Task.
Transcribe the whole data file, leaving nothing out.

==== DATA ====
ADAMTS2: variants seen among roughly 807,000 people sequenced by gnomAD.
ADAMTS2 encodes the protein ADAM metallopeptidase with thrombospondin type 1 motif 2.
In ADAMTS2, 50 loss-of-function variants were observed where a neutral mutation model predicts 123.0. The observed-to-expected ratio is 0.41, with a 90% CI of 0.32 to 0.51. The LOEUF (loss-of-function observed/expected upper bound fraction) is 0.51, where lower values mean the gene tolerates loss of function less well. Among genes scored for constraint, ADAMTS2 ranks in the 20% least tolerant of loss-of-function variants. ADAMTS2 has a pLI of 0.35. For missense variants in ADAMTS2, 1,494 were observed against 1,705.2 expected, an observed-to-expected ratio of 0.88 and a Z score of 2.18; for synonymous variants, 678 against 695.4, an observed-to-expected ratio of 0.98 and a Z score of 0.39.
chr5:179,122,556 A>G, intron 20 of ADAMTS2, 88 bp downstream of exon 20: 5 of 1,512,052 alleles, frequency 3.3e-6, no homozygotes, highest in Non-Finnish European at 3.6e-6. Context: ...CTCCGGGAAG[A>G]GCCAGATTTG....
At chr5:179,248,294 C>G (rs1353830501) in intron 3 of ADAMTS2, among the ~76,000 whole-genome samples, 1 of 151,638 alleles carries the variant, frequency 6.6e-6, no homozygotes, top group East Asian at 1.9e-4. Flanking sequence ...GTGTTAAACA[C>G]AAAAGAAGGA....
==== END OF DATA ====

ADAMTS2: variants seen among roughly 807,000 people sequenced by gnomAD.
ADAMTS2 encodes the protein ADAM metallopeptidase with thrombospondin type 1 motif 2.
In ADAMTS2, 50 loss-of-function variants were observed where a neutral mutation model predicts 123.0. The observed-to-expected ratio is 0.41, with a 90% CI of 0.32 to 0.51. The LOEUF (loss-of-function observed/expected upper bound fraction) is 0.51, where lower values mean the gene tolerates loss of function less well. Among genes scored for constraint, ADAMTS2 ranks in the 20% least tolerant of loss-of-function variants. ADAMTS2 has a pLI of 0.35. For missense variants in ADAMTS2, 1,494 were observed against 1,705.2 expected, an observed-to-expected ratio of 0.88 and a Z score of 2.18; for synonymous variants, 678 against 695.4, an observed-to-expected ratio of 0.98 and a Z score of 0.39.
chr5:179,122,556 A>G, intron 20 of ADAMTS2, 88 bp downstream of exon 20: 5 of 1,512,052 alleles, frequency 3.3e-6, no homozygotes, highest in Non-Finnish European at 3.6e-6. Context: ...CTCCGGGAAG[A>G]GCCAGATTTG....
At chr5:179,248,294 C>G (rs1353830501) in intron 3 of ADAMTS2, among the ~76,000 whole-genome samples, 1 of 151,638 alleles carries the variant, frequency 6.6e-6, no homozygotes, top group East Asian at 1.9e-4. Flanking sequence ...GTGTTAAACA[C>G]AAAAGAAGGA....